“…I will quietly listen to you And pass no judgment. Nor will your spoken words be repeated. I will remain ever silent, ever vigilant, ever loyal. And when our time together is done and you move on in the world, remember me with kind thoughts and tales. For a time we were unbeatable, nothing passed among us undetected. If we should ever meet again on another field I will gladly take up your fight.”
(The life of a police dog, author unknown).
Police dogs that become disabled or grow too old for active duty usually retire to home life with their human partners. But military working dogs that became disabled or grew old were not usually adopted by their handlers. When the tour of duty was over for a military canine handler, the canine partner was often left behind.
The service dog was sometimes matched up with another handler. However, the process to adopt the dog by the handler who bonded with the dog was not an option.
Dogs that no longer worked or grew old and disabled after years of service during wartime operations were often euthanized when retired. That was common practice prior to and following the Vietnam War.
During the Vietnam War, Airman 2nd Class Robert Thorneburg and a sentry dog named Nemo made history. Thorneburg was Nemo’s second handler. Nemo was the first service dog to be put back to work after he was injured in the line of duty. In 1967, Nemo’s injuries ultimately led to him becoming the first sentry dog to be retired. He lived until 1972.
Despite to have been shot in the head and blinded in one eye, Nemo continued to engage the enemy. After he was wounded, Nemo climbed on top of his wounded handler and would not let anybody come close to Thorneburg. Eventually both were separated, treated and recovered from their wounds.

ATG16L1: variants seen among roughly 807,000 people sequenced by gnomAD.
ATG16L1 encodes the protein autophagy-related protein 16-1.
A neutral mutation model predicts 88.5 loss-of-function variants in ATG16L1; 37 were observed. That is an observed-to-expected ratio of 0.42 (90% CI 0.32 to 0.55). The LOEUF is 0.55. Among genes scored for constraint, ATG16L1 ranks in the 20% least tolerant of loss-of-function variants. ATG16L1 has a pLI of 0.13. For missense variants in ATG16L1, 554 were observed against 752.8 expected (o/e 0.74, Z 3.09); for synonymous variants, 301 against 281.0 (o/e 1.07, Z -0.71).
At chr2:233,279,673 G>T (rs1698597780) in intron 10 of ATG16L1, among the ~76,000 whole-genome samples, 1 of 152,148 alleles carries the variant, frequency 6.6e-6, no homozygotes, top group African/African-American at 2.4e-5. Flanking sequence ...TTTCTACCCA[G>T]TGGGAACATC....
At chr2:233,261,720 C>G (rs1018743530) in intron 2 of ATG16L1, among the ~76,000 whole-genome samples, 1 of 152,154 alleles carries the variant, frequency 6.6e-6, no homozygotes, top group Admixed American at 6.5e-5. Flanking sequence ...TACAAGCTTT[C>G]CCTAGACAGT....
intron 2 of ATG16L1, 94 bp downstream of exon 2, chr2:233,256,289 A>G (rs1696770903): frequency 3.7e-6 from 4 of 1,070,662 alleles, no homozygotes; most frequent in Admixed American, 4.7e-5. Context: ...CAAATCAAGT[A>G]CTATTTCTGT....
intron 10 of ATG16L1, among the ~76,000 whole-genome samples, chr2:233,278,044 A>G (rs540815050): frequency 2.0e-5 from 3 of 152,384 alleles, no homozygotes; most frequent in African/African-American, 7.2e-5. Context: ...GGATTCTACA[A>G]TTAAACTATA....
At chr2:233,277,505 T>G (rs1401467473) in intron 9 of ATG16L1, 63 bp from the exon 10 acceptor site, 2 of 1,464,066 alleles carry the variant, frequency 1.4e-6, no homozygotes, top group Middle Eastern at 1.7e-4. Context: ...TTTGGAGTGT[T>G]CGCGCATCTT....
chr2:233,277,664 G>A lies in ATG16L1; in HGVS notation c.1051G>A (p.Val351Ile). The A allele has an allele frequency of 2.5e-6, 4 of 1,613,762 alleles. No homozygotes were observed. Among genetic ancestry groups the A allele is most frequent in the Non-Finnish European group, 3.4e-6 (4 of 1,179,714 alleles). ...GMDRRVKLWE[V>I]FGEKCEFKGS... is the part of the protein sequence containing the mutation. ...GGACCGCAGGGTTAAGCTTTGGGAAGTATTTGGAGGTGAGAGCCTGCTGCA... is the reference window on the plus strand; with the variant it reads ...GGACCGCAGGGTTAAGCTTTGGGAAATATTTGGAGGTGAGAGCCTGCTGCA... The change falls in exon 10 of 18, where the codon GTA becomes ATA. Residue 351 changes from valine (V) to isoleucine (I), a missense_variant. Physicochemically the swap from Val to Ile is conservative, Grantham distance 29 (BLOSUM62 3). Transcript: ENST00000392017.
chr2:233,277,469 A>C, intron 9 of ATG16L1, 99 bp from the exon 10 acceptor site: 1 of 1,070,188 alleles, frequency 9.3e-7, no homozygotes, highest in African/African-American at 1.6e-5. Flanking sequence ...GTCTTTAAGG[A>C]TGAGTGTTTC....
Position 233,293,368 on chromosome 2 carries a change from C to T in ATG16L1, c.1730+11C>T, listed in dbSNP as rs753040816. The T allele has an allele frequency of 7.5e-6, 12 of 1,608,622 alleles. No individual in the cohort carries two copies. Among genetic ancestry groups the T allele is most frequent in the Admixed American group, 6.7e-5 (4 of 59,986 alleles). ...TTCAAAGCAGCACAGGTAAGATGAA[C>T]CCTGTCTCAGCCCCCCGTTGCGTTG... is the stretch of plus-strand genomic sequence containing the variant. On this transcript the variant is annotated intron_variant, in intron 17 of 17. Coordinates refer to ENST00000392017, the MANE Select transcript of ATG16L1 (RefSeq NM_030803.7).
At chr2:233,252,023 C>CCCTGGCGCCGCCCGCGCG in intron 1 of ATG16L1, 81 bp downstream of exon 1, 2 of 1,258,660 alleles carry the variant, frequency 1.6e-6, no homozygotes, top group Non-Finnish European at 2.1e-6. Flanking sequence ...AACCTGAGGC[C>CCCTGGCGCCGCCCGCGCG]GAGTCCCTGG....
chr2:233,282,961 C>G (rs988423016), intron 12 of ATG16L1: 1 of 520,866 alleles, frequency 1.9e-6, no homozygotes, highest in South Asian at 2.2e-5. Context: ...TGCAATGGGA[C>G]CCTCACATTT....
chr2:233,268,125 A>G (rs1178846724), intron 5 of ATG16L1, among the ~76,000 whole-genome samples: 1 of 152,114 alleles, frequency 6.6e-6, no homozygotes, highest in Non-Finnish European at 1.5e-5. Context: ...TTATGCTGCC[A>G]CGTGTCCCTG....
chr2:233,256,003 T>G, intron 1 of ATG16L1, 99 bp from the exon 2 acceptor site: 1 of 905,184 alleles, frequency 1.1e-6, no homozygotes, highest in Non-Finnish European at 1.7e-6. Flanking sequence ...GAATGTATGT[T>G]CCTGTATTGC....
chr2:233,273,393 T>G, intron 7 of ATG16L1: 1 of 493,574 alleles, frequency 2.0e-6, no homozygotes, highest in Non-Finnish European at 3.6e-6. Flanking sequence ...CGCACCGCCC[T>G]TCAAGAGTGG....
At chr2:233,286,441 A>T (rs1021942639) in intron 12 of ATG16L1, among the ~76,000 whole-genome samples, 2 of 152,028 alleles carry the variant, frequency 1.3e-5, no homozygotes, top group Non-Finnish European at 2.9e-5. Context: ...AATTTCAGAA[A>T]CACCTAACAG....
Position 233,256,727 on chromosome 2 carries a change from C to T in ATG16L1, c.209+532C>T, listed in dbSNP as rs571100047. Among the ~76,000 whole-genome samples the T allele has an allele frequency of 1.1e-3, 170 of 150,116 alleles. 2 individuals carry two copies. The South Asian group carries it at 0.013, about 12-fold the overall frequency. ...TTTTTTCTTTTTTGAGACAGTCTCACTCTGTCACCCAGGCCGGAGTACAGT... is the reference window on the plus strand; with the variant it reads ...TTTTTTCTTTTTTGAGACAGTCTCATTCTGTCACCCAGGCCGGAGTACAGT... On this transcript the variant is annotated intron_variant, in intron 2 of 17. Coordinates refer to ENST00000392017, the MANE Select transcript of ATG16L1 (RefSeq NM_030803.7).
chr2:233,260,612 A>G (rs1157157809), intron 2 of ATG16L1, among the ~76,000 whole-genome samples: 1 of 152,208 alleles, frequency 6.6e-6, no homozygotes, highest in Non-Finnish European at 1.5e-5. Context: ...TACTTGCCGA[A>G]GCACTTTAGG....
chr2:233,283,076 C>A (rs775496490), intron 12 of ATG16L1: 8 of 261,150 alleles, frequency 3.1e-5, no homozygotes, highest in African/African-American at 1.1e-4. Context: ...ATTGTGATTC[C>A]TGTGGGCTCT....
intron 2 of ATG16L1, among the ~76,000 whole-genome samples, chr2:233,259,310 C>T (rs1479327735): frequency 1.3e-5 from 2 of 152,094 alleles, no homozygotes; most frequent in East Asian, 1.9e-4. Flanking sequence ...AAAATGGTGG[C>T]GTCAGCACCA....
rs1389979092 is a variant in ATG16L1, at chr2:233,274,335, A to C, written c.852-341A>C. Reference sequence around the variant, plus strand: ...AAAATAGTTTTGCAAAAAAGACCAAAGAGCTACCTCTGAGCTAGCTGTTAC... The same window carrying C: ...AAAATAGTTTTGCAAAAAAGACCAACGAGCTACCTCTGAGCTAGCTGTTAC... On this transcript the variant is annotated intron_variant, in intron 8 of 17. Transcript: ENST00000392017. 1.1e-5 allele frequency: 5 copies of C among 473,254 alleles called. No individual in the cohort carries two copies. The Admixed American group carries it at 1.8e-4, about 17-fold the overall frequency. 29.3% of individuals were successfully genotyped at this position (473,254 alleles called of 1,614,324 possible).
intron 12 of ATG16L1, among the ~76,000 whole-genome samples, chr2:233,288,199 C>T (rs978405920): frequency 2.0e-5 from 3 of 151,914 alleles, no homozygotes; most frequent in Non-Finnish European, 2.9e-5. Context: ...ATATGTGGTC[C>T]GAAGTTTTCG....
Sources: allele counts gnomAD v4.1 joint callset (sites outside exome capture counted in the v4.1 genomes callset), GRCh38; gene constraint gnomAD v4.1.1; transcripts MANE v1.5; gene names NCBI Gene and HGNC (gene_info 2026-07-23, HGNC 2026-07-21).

Did Nemo bond with his handler?The U.S. Department of Defense had the authority to determine whether or not the dog was considered to be an asset. In the past, the judgment that a dog was no longer an asset often resulted in the euthanization of the dog.
Dogs retired or disabled were returned to Lackland Air Force Base, the Military Working Dog Agency, in San Antonio,. for an uncertain future. In 2000, that changed with the enactment of the Robby Law, in honor of a military dog named Robby. House Resolution 5314, the draft bill introduced by Congressman Roscoe Bartlett, was adopted and signed into law by President Bill Clinton in November 2000. Despite repeated efforts by Robby’s handler to adopt him, Robby was euthanized.
Though the law didn’t save Robby, this tragedy has led to some positive changes in the adoption of disabled or retired military service animals.
The Department of Defense, because of Robby’s Law, now allows for the adoption of military dogs.. The adoption priority process is first to former handlers, then to law enforcement, and lastly to families who want to adopt one of these special dogs..
People who adopt these dogs must have the skills, ability and financial resources to handle and care for their adopted dogs. Concerns were raised as to how dogs trained to attack people would not exhibit such behavior to adopted handlers. These handlers who may not have been the initial handler of the adopted dog underwent training to learn how to work and play with such dogs.
Read more about military dogs next week.